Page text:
We know that the category of presheaves (i.e. $Fct(C^{Op}, Set)$ ) is an elementary topos and in particular it is finitely complete and finitely cocomplete and so it has all finite limits and colimits.

For instance I know that the terminal object is a functor $\Bbb{1} :C^{Op}\rightarrow Set$ which sends all objects to a fixed singleton and all arrows to the identity from that sigleton to itself. I know also the binary product, the equalizer and the initial object. Can you help me to find the other remarkable limits and colimits (pullbacks, coproduct, coequalizer and pushout?)

We know also that an elementary topos is always a regular category, who are the internal equivalence relations and the kernel pairs?

Last question: I know that a mono in presheaves is a natural transformation between two functors $\eta :F\rightarrow G$ if and only if $\eta_A$ is injective for all $A\in Obj(C^{Op})$. Is it true that an arrow $\mu$ in the category of presheaves is an epi iff $\mu_A$ is surjective for all $A\in Obj(C^{Op})$ ?

  • 1
    $\begingroup$ limits and colimits are computed pointwise here, not much to remark on $\endgroup$
    – FShrike
    Mar 24 at 20:58
  • $\begingroup$ I missed addressing the last question. The answer is yes. This follows from the pointwise colimit statement, since epis $p$ are easily characterized in terms of the pushout of $p$ with itself (the components of the universal cocone must be isomorphisms). $\endgroup$
    – user43208
    Mar 25 at 12:59

1 Answer 1


The short mantra is that limits of diagrams of presheaves are computed "pointwise") (or "objectwise"). This effectively means that if you know how to compute limits in the category of sets, then you can easily compute limits of presheaves.

Let's take pullbacks for example. Suppose you have a diagram of presheaves

$$F \stackrel{\phi}{\to} H \stackrel{\psi}{\leftarrow} G$$

where $\phi, \psi$ are natural transformations, and you want to compute its limit which is the pullback, call it $P$. In particular, you have to be able to say what is the value of the set $P(c)$, for any object $c$ of $C$. Well, this set is nothing other than the pullback of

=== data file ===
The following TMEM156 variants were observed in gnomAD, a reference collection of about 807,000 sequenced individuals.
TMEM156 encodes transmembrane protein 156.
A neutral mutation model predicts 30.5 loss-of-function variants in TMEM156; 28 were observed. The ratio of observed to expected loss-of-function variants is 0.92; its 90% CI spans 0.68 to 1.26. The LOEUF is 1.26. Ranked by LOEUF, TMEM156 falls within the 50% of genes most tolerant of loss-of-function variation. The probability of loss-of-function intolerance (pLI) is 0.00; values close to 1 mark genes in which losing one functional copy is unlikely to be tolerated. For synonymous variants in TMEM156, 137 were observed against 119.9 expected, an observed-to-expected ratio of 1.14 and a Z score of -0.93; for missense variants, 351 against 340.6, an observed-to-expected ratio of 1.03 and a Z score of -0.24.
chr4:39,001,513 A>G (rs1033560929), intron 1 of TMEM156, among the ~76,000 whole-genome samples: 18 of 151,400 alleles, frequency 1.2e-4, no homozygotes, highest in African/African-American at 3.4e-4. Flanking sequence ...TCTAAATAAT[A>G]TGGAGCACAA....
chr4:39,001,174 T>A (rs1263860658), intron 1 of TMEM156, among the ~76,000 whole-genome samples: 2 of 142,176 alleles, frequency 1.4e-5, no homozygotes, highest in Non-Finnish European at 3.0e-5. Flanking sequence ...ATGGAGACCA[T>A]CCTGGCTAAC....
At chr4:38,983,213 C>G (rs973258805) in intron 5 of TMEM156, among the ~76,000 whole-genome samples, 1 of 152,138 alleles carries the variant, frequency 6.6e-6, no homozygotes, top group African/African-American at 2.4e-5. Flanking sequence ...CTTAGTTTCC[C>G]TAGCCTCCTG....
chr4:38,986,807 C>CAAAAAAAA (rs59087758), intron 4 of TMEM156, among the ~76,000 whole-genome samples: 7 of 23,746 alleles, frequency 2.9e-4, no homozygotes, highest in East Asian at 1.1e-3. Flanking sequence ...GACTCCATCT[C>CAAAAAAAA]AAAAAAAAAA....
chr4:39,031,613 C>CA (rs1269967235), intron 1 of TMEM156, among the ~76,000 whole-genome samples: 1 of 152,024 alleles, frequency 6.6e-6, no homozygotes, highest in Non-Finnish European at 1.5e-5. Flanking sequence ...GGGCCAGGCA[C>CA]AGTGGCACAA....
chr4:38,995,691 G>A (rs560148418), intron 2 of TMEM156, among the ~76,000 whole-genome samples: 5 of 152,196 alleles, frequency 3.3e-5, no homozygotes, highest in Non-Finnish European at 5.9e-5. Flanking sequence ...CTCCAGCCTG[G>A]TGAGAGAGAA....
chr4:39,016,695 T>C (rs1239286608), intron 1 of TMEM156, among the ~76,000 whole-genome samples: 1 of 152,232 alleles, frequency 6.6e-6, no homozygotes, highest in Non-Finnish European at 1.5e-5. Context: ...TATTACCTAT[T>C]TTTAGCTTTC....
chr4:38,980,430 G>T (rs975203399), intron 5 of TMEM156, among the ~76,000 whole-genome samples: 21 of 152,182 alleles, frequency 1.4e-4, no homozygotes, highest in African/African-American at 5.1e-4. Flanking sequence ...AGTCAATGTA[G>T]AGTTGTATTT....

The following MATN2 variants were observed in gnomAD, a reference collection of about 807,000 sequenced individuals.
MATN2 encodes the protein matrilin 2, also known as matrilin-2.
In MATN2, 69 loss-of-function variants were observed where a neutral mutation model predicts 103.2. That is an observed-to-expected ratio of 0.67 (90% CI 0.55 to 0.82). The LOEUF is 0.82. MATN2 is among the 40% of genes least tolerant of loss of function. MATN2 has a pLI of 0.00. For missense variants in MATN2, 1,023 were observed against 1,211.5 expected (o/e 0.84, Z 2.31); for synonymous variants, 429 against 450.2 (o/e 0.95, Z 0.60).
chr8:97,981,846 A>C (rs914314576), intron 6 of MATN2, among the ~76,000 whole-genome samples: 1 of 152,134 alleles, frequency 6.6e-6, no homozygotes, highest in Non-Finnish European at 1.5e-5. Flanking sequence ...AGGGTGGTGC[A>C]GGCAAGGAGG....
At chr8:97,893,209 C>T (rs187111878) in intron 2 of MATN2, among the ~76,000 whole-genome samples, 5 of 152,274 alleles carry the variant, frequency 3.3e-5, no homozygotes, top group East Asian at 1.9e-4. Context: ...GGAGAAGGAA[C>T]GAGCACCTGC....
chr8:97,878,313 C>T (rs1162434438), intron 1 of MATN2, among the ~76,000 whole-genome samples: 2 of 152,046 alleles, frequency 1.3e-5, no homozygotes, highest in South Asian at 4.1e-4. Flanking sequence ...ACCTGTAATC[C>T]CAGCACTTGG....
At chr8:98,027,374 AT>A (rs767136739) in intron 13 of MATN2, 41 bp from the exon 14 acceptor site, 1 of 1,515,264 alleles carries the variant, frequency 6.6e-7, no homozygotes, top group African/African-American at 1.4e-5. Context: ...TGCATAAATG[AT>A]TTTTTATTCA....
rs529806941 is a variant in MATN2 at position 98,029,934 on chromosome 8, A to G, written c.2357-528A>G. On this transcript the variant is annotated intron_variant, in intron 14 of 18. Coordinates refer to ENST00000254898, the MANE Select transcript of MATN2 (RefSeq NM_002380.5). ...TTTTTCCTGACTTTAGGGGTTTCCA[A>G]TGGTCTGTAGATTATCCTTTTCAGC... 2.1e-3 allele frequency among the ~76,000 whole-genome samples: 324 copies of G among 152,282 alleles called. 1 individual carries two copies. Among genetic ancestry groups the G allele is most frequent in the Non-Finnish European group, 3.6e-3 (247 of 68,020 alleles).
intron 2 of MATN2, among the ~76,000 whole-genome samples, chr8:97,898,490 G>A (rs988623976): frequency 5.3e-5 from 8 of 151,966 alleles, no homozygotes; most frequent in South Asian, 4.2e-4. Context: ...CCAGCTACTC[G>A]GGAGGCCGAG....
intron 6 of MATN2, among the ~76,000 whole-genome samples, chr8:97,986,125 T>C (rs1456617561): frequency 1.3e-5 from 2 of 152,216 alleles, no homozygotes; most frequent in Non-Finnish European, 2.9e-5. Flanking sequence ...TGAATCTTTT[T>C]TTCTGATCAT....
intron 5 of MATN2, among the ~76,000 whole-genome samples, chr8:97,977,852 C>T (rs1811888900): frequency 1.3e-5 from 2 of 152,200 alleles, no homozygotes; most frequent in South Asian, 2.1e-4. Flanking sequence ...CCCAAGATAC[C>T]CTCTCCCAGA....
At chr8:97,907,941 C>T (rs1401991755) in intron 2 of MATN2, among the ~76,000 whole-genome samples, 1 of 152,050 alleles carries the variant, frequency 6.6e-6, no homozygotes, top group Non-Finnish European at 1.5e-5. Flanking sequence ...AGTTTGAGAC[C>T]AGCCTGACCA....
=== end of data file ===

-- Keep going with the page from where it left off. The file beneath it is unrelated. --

$$Fc \stackrel{\phi c}{\to} Hc \stackrel{\psi c}{\leftarrow} Gc$$

in the category of sets, where of course $\phi c$ denotes the component of the transformation $\phi$ at the object $c$. You just compute the limits, object $c$ by object $c$.

For each $c$, you'll get a commutative pullback square in $Set$, which have, in addition to the maps $\phi c, \psi c$, maps of the form $\pi_1 c: Pc \to Fc$ and $\pi_2 c: Pc \to Gc$.

I haven't yet said what is the function $P(f): Pc \to Pd$, where $f: c \to d$ is a morphism in $C^{op}$. But you can get this by exploiting the universal property of pullbacks. I should let you draw this yourself. Draw the pullback square for the object $d$, and then add to this diagram arrows of the form

$$Pc \to Fc \stackrel{Ff}{\to} Fd, \qquad Pc \to Gc \stackrel{Gf}{\to} Gd.$$

Then there are two paths going from $Pc$ to $Hd$, and the composites of these paths can be proved to be equal. Therefore, by the universal property of pullbacks, there is a unique fill-in $Pc \to Pd$, and this is your desired $Pf$. But in order to see that the composites are equal, you will need to add in more arrows in such a way to get a cubical shape. Two of the faces of the cube will be naturality squares, another face will be a commuting pullback at the object $c$. You should try it.

All limits and colimits of presheaves are computed in this pointwise way.


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